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Preliminary trial results find antiviral drug lopinavir/ritonavir does not reduce death in hospitalised patients with COVID-19

30 Jun 2020

The ‘RECOVERY’ trial has released preliminary results showing lopinavir/ritonavir, an antiviral drug commonly used to treat HIV, had no significant mortality benefit in hospitalised COVID-19 patients. The RECOVERY trial (which stands for ‘Randomised Evaluation of COVid-19 thERapY’) was funded by UKRI as part of the UKRI/DHSC/NIHR COVID-19 rapid research response.

To provide real-time information in the pandemic, the results have been announced as quickly as possible, so it should be noted that the findings have not yet been peer-reviewed and accepted in a journal.

A range of potential treatments have been suggested for COVID-19 but nobody knows if any of them will turn out to be more effective in improving survival than the usual standard of hospital care which all patients will receive.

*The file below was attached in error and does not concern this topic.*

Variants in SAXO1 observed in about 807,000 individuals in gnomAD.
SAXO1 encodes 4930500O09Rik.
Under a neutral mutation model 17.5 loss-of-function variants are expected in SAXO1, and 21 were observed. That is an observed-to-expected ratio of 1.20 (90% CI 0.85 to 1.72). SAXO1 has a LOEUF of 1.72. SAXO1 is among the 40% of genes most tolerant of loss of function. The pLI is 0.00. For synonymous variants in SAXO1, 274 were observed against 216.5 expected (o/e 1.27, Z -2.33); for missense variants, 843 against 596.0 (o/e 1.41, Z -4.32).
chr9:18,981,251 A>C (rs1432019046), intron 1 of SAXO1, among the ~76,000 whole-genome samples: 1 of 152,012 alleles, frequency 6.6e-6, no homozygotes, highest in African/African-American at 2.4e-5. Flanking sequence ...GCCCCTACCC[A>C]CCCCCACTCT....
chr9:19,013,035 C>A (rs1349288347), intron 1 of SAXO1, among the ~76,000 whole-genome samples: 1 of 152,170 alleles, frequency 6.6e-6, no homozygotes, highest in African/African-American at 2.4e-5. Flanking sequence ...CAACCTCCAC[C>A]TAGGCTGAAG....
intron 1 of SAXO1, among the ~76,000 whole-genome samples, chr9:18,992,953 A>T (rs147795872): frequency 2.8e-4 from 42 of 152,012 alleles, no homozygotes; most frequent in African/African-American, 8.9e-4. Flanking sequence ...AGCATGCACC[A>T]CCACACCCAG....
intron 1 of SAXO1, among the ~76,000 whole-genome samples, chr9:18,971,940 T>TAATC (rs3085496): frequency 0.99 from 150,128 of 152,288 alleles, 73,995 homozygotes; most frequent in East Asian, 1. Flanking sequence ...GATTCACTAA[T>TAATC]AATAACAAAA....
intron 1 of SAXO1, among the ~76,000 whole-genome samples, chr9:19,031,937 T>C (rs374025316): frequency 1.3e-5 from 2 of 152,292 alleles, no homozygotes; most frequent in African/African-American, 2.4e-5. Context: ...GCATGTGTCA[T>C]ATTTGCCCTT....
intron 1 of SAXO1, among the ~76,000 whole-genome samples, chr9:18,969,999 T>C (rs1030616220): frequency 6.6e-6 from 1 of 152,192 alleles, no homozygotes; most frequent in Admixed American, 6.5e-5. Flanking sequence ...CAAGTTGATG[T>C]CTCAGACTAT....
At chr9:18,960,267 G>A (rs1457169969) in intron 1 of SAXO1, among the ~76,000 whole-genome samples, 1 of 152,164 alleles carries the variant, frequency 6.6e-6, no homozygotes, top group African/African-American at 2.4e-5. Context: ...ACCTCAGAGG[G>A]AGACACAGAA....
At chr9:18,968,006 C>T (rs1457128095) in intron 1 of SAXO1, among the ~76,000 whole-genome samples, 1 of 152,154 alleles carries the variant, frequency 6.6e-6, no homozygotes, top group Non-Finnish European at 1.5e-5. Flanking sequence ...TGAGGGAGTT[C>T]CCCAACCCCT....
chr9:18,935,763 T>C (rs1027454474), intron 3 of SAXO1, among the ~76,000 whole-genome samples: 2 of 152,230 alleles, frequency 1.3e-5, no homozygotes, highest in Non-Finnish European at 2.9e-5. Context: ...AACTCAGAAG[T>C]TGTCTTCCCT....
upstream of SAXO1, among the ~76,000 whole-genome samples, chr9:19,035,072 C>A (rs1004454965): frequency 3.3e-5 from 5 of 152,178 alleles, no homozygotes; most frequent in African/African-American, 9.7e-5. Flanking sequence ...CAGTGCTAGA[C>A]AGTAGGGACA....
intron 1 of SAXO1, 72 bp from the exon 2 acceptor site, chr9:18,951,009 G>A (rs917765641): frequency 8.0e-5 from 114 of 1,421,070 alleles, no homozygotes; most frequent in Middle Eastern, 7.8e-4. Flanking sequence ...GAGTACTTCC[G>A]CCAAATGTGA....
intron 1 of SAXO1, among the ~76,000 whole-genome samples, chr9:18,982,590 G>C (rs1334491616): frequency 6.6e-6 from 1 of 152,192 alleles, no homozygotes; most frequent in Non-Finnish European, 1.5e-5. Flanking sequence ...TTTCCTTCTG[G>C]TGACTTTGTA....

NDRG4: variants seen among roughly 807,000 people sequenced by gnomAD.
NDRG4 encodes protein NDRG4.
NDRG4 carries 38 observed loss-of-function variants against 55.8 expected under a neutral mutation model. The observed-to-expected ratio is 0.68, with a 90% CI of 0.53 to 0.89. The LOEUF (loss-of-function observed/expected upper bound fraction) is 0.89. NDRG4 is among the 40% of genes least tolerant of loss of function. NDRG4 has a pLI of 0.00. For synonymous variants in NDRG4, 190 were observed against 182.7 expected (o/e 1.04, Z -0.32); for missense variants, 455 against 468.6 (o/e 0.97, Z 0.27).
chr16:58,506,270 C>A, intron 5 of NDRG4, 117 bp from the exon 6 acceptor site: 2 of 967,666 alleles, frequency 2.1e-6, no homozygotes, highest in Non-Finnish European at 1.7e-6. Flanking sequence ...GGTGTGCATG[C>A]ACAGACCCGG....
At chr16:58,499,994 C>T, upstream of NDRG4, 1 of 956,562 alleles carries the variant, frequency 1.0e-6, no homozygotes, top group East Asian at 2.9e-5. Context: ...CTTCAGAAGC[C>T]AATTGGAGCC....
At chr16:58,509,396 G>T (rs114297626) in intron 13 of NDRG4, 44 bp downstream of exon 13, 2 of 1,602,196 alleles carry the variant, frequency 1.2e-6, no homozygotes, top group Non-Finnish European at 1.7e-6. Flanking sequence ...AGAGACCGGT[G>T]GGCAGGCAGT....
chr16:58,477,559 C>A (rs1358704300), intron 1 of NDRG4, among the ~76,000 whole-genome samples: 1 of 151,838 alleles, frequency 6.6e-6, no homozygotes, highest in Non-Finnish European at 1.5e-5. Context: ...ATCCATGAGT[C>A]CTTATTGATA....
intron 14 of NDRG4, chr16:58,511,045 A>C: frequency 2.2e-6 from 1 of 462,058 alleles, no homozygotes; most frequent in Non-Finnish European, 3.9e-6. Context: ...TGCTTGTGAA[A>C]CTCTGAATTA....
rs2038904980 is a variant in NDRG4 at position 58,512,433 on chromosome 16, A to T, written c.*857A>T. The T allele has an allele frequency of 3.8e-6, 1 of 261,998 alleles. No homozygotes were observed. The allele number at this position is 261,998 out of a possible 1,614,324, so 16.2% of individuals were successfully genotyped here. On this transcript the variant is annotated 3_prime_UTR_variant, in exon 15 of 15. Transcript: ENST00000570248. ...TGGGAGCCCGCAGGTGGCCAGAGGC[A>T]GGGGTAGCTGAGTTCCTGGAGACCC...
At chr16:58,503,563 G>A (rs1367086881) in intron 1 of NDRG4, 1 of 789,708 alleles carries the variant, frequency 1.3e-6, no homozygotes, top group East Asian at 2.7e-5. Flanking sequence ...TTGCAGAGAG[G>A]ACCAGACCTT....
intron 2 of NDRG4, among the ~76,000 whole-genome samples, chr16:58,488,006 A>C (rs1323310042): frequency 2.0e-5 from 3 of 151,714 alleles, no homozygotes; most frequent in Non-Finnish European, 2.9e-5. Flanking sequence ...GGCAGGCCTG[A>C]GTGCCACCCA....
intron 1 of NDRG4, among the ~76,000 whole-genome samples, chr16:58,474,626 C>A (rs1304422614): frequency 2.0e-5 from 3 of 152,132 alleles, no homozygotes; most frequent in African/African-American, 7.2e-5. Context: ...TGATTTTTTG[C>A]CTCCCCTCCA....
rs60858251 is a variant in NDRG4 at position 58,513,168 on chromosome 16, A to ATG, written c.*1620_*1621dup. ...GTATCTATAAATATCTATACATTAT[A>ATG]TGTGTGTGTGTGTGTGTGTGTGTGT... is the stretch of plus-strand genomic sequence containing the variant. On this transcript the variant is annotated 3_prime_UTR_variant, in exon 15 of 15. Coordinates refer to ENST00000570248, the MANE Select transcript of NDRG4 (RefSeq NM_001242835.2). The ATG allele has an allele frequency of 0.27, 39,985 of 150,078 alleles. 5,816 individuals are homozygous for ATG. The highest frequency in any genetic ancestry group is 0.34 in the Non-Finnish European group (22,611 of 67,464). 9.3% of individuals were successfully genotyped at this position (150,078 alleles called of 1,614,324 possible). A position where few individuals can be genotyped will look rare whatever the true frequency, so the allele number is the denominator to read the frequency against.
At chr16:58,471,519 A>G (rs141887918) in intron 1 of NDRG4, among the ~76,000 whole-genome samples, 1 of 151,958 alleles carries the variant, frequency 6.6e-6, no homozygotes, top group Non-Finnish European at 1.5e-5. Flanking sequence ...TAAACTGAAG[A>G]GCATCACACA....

The RECOVERY trial has also recently announced preliminary results showing: low-cost dexamethasone reduced death by up to one third in hospitalised patients with severe respiratory complications of COVID-19; and no effect on mortality from the use of hydroxychloroquine in patients admitted to hospital with COVID-19.

Lopinavir is an HIV protease inhibitor, which is combined with ritonavir to increase lopinavir’s plasma half-life. Lopinavir/ritonavir had shown promising activity against SARS and MERS coronaviruses.

Professor Fiona Watt, Executive Chair of the Medical Research Council, which helped fund the trial, said: ‘It is very important that we test potential therapies in randomised clinical trials so that we can find out whether re-purposed drugs work or not. The UK’s RECOVERY trial is the world’s largest randomised trial of potential COVID-19 treatments and has worked with unprecedented speed to start delivering the answers we need. Whilst it is disappointing that lopinavir/ritonavir, like hydroxychloroquine, has been found to be ineffective, the earlier findings with dexamethasone were positive. Researchers and health professionals are now focusing their efforts, and patient care, on other promising drugs.’

View the full article on the UKRI website.

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